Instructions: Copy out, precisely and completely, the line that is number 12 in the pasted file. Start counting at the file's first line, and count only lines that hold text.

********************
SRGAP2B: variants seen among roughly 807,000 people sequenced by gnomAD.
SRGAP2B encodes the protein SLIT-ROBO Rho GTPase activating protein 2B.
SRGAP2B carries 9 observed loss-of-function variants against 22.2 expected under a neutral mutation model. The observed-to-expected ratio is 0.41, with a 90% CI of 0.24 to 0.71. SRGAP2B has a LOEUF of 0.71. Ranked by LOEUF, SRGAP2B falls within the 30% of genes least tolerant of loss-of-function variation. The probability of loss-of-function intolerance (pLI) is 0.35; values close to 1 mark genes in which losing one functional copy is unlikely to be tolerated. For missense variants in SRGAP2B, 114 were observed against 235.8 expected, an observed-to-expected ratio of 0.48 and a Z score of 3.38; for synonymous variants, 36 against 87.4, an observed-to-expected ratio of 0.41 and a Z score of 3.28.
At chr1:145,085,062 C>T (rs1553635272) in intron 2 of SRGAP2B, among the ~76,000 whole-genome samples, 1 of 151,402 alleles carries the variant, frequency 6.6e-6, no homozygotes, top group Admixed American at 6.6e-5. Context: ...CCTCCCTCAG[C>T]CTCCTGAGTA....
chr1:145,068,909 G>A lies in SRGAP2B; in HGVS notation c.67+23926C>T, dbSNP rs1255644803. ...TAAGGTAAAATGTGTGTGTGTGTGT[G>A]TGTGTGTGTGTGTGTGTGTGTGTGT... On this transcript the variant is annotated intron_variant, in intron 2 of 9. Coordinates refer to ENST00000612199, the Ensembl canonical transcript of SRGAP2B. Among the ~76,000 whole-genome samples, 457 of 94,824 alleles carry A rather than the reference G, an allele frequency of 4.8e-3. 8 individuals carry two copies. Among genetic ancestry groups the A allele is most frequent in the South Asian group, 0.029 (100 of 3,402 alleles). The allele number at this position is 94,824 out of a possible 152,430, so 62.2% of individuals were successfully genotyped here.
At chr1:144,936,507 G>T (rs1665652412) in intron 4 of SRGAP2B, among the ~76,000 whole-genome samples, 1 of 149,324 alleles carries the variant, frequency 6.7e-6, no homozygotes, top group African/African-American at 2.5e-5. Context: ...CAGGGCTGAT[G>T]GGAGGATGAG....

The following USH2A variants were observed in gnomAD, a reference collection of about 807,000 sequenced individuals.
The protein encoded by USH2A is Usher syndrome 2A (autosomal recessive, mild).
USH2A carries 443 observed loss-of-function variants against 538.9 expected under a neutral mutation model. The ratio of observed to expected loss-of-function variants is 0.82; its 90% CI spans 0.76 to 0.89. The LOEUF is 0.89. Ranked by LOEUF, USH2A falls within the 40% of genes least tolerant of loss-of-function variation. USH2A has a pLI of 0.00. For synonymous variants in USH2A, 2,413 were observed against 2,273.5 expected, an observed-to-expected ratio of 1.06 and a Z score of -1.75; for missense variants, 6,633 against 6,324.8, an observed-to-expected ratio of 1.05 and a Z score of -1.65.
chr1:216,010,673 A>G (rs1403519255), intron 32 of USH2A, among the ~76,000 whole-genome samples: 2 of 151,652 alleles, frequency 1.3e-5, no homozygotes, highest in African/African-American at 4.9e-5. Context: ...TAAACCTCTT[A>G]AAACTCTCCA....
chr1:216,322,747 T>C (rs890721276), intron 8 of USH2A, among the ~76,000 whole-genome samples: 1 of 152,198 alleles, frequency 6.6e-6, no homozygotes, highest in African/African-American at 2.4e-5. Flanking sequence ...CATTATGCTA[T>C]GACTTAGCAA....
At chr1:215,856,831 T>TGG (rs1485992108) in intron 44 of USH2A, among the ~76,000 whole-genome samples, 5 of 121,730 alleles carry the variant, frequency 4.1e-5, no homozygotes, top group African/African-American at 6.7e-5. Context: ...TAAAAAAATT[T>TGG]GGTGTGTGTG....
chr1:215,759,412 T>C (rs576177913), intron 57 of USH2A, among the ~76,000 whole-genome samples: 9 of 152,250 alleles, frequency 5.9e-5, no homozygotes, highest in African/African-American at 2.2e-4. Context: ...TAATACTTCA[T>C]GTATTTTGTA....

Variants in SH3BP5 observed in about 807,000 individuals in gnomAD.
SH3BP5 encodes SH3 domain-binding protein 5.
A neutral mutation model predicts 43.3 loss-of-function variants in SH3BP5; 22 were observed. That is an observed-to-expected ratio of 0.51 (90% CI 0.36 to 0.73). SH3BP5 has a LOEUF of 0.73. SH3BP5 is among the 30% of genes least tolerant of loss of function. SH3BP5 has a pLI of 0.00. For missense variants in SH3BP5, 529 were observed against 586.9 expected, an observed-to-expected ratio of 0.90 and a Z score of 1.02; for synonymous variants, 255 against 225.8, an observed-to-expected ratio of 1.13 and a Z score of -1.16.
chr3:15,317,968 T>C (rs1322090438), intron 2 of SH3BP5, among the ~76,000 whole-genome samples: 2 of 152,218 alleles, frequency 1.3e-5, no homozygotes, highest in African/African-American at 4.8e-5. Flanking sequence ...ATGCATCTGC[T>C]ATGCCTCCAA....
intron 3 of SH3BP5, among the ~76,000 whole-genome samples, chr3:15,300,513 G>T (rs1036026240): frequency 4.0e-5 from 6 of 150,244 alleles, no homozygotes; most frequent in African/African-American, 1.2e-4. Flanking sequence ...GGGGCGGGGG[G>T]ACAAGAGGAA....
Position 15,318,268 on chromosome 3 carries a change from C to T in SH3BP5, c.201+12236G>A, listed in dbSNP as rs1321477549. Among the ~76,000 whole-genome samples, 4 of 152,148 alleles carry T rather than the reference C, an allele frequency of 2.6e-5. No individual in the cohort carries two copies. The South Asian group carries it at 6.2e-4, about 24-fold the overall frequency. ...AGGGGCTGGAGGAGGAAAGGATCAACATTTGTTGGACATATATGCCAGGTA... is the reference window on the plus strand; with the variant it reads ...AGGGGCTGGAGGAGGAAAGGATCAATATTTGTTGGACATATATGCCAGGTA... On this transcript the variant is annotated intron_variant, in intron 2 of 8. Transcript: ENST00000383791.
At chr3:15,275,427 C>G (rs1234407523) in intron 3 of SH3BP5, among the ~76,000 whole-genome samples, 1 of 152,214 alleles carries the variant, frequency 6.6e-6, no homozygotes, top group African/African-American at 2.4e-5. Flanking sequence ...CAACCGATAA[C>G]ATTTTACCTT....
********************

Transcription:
At chr1:215,856,831 T>TGG (rs1485992108) in intron 44 of USH2A, among the ~76,000 whole-genome samples, 5 of 121,730 alleles carry the variant, frequency 4.1e-5, no homozygotes, top group African/African-American at 6.7e-5. Context: ...TAAAAAAATT[T>TGG]GGTGTGTGTG....